Adventure at Grand Canyon; Rim to Rim and back Again in a Day - John PetrsoniakTen years ago, I was lucky enough to hike with my spouse, Mary Jane, to the bottom of the Grand Canyon along the Bright Angel Trail. A mere trek of some 7 miles. We spent the night at Phantom Ranch and then hiked back the next day. This was the recommended hike by the park rangers who warned that each year over 250 people need emergency assistance when they attempt to do this hike, down and back up, in one day. Unfortunately, among those requiring rescue, some die. A sobering statistic and reminder for the fool-hardy and the naive.
Putting it all in perspective, over 4 million people visit the Grand Canyon each year, but less than one percent hike anywhere below the rim. And of those who descend below the rim, many engage the services of a mule to go down and back. These riders, white with fear, look neither left nor right but straight ahead at the nape of their nag, repeating their rosary in the hope that she does not lose her footing and fall over the edge.
The sheer depth and breadth of the Canyon overwhelms the senses. Knees begin to knock, goose bumps permeate the skin, the throat dries up, eyes gloss over and light headedness starts to set in. You momentarily have to look away to avoid being sucked into the void that surrounds you. We are, after all, merely a speck of dust waiting to be blown into oblivion. Our lives are so infinitesimally short compared to her millions of years of existence. The Grand Canyon is irrefutably majestic and spellbinding. You want to experience every part of this natural wonder.
Indeed, from the first time I visited the Grand Canyon, I was hypnotised by her splendour. As I sat at Phantom Ranch, I thought to myself, what a great experience it would be if I were to traverse the Canyon from South Rim to North Rim to immerse myself in all her grandeur and magnificence. It was a fleeting thought, but one that never vanished entirely.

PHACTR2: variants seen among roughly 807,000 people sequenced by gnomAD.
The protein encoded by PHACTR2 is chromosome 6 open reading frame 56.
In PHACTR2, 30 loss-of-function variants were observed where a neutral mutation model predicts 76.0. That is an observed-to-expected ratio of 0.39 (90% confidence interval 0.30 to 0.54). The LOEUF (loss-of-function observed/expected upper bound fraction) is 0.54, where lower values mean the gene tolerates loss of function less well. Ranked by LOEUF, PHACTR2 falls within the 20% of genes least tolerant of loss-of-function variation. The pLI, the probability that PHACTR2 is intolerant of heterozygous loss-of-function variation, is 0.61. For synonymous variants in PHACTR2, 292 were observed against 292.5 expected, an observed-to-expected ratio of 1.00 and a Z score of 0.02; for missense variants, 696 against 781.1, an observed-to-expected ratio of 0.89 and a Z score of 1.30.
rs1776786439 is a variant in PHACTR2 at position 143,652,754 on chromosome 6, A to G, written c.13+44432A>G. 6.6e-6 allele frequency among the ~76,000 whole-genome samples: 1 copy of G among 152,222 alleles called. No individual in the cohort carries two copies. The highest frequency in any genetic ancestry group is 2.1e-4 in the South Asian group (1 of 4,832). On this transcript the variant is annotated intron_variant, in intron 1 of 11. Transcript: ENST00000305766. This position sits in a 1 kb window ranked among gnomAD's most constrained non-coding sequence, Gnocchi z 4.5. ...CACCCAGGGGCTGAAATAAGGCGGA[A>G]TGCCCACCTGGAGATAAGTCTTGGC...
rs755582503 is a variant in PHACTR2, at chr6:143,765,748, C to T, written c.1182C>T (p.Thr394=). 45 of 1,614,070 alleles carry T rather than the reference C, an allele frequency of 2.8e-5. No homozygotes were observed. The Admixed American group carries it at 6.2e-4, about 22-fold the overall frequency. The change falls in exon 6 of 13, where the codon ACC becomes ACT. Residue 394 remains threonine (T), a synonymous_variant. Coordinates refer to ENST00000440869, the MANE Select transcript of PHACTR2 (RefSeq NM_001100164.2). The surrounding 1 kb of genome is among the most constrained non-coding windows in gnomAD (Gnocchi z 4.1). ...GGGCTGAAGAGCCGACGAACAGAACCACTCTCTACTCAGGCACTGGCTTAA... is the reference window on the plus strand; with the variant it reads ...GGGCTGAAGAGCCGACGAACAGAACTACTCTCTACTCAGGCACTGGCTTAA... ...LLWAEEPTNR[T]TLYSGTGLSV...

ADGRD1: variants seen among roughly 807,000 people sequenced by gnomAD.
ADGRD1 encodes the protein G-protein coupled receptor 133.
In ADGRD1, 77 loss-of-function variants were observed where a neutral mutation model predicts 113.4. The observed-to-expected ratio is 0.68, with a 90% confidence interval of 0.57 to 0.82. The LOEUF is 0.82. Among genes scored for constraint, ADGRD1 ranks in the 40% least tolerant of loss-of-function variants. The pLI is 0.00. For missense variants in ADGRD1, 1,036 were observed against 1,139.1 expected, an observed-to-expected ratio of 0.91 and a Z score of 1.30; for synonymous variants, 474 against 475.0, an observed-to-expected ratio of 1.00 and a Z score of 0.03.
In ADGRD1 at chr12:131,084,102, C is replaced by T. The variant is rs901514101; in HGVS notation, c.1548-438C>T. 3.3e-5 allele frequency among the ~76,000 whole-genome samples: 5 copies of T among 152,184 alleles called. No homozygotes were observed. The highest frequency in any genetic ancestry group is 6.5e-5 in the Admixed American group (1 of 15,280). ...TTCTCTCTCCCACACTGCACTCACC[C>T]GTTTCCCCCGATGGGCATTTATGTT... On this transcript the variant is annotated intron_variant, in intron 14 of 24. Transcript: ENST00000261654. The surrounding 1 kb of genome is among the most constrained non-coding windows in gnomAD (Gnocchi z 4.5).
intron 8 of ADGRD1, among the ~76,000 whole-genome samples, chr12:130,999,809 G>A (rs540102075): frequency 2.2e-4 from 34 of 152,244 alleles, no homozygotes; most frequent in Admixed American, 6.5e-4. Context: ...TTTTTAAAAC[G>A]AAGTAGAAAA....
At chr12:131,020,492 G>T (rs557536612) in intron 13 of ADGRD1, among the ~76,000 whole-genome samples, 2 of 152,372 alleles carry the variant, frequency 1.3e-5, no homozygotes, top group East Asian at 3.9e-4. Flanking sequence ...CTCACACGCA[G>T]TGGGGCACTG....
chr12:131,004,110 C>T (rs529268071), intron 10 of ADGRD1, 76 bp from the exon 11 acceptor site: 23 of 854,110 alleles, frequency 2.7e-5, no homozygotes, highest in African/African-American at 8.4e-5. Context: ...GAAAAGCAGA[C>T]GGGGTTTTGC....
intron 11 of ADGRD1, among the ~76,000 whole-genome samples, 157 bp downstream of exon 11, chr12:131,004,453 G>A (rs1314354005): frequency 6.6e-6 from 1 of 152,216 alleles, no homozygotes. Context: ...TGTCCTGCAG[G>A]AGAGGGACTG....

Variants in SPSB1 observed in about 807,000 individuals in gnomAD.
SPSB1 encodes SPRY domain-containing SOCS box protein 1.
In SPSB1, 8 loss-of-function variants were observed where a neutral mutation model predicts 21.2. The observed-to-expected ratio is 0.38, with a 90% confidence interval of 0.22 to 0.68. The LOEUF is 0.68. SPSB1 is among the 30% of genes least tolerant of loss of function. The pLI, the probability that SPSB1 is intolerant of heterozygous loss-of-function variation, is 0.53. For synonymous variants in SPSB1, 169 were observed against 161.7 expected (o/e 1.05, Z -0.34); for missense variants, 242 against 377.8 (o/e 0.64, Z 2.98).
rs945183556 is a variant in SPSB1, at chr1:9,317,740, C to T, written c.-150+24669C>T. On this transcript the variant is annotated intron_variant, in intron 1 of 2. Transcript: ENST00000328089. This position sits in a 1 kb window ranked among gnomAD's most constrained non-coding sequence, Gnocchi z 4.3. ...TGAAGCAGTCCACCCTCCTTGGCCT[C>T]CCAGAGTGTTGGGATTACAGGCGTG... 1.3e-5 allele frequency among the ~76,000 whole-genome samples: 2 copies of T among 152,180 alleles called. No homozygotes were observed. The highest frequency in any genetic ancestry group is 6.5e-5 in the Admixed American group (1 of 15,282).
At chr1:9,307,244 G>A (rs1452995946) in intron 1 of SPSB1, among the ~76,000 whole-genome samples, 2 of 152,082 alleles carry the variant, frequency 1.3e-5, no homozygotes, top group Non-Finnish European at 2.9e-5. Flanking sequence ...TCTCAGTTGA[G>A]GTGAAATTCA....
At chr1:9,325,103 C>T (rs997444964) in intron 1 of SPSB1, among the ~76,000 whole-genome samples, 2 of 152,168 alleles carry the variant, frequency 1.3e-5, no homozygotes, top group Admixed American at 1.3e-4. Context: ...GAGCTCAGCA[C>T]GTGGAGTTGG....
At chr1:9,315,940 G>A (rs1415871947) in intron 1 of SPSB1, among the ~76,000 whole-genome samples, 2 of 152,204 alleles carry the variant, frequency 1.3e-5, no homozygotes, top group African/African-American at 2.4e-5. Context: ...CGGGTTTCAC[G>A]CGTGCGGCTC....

Years went by. I got into other physical distractions; marathons, duatholons, ironman competitions and 24 hour relays. Through these activities, I travelled to many exotic and fascinating destinations throughout the world. But the Grand Canyon kept calling.
One day when I casually mentioned this adventure, Chris Wytyczak said he had done it. He had run and hiked from the South Rim to the North Rim and back. All in one day. And he was interested in paying a return visit to the Grand Lady of all Canyons.
I was hooked. Rim to Rim to Rim. Now that was an adventure that I would love to undertake. A blazing hike of 42 miles, with a total change in elevation of 12,000 vertical feet, to be completed under the relentless baking sun, with nowhere to hide, and then to finish with a climb covering 6000 vertical feet in the stark darkness of the night. Sounded like Heaven to me. But alone- preferably not. For the dangers are so great to slip or fall and disappear from life so quickly. I needed to enlist others. More for moral support than physical assistance. I only needed to find some others who shared my sense of adventure and drama and in whom I could trust if anything were to go wrong.
Two other fellow marathon runners, Stan Sokol and Terry Boese, were also committed, albeit with some degree of apprehension and trepidation. This only went to show that their minds were not completely devoid of all reason. A faculty that could come in handy if we ever got into a trouble spot.
Now to make my dream a reality, some serious planning had to be undertaken, for the risks were many, while the rewards were virtually intangible. First, we each had to convince our spouses or partners that this was neither a death wish, midlife crisis, nor an irresponsible stunt. I read stories from blogs of people who had successfully completed this venture. But then again, of those who failed, nothing had ever been written or recorded. These were statistics that no one publicized. Everyone wants to talk about their accomplishments. No one brags about their failures. Were these blogs attempting to lure me into a trap?
Knowing Chris had previously undertaken this hike successfully was the most reassuring evidence I could provide. He was after all living proof that this could be done, despite all the official warnings that it should never be attempted by anyone sane. Actually Chris had done it with two others…two days after running the Las Vegas Marathon. Now THAT is nuts!